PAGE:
Perhaps one of the most challenging issues within an organization is how to establish effective communication. Especially when problems occur.
This is an area that requires a great deal of thought and perhaps new insights.
Two significant items that have been dealt with properly are those dealing with service requests: maintenance and landscaping. A form is made available at the gatehouse in 4 parts with the “pink” copy retained by the owner. The staff on duty distributes the form as required.
But what if problems or related problems arise? What if the issue has nothing to do with either of these service areas? What if Mrs. Par Excellence does not approve of Mrs. Or Dinary’s exotic cooking that permeates the air on a bright sunny afternoon? What if Mr. Joe Owner has issues against Ms. Sally’s dog?
In many professional sales seminar, what is considered the most daunting and challenging problem is “how to deal with customer’s objections”. What do you say when a sales prospect says, “Let me think about it!” The untrained salesperson might reply, “What is it that you want to think about?” When the prospect says, “Everything!”, there goes the interview and the sale!
Zig Ziglar, Brian Tracy, Dr. Stephen Covey and many others have covered this topic in many of their books and seminars.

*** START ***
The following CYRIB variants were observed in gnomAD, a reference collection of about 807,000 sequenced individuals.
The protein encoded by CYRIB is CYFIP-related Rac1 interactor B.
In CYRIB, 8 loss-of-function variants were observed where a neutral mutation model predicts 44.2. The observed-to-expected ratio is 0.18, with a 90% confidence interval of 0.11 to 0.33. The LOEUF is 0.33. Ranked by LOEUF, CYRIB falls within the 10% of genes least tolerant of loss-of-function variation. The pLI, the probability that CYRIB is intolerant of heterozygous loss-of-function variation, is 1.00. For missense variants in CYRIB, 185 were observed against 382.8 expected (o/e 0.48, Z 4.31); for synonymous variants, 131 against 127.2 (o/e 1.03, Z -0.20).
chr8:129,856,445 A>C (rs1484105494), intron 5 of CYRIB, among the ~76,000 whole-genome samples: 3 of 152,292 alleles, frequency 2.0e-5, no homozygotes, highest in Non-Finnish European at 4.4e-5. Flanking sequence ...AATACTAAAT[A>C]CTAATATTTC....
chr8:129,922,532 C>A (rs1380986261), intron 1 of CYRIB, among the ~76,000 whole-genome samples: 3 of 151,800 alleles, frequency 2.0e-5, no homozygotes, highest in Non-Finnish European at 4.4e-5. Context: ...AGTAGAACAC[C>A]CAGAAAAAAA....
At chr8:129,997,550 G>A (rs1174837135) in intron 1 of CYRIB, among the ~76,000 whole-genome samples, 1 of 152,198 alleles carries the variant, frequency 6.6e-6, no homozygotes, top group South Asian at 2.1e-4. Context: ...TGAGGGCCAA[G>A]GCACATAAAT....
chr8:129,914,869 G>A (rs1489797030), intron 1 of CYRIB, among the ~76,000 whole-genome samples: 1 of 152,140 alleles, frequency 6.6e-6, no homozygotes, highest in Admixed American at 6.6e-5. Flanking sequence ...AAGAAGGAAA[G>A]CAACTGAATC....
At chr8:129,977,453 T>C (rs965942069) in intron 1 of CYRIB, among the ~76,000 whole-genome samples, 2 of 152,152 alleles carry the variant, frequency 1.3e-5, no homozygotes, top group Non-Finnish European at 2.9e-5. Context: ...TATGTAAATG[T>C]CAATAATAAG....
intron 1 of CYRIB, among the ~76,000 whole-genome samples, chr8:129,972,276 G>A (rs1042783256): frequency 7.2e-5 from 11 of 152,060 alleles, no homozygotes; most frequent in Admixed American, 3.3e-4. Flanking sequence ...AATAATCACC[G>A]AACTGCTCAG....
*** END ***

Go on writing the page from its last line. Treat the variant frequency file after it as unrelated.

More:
Social interactions are beset with challenges. They come in the form of misunderstanding, intolerance, lack of patience, arrogance, biases, prejudice, and last but not least, simple disagreements.
Those experts agree on the most important initial response – “listen”. (With your eyes and your heart!) It is the key to effective communication.
Determine the validity of the problem. Identify its level of difficulty. Step into the shoes of the “complainer” and genuinely understand what sentiment is being expressed. Dr. Covey says that there are two sides to a coin. A good illustration of that statement is covered here (beautiful lady or old woman).
Perhaps the most despised piece of paper at Huntly Wynd is a letter from Scott Unger in a Bayside letterhead alleging infraction of bylaws.
Perhaps, if the key to effective communication – LISTEN – is utilized, many of those letters may never have left Mr. Unger’s desk. If complaints are skillfully handled so that the “plaintiff and defendant” in the case are both given the opportunity to be sincerely heard with a genuine effort to seek immediate and satisfactory resolution, the Strata Council’s task would be a lot more rewarding.
“Exceeding the 15 kph maximum”? Could a son be responding to an emergency call from his mother at the time? Or a husband is in distress? We never knew, did we? We just quickly pulled the trigger!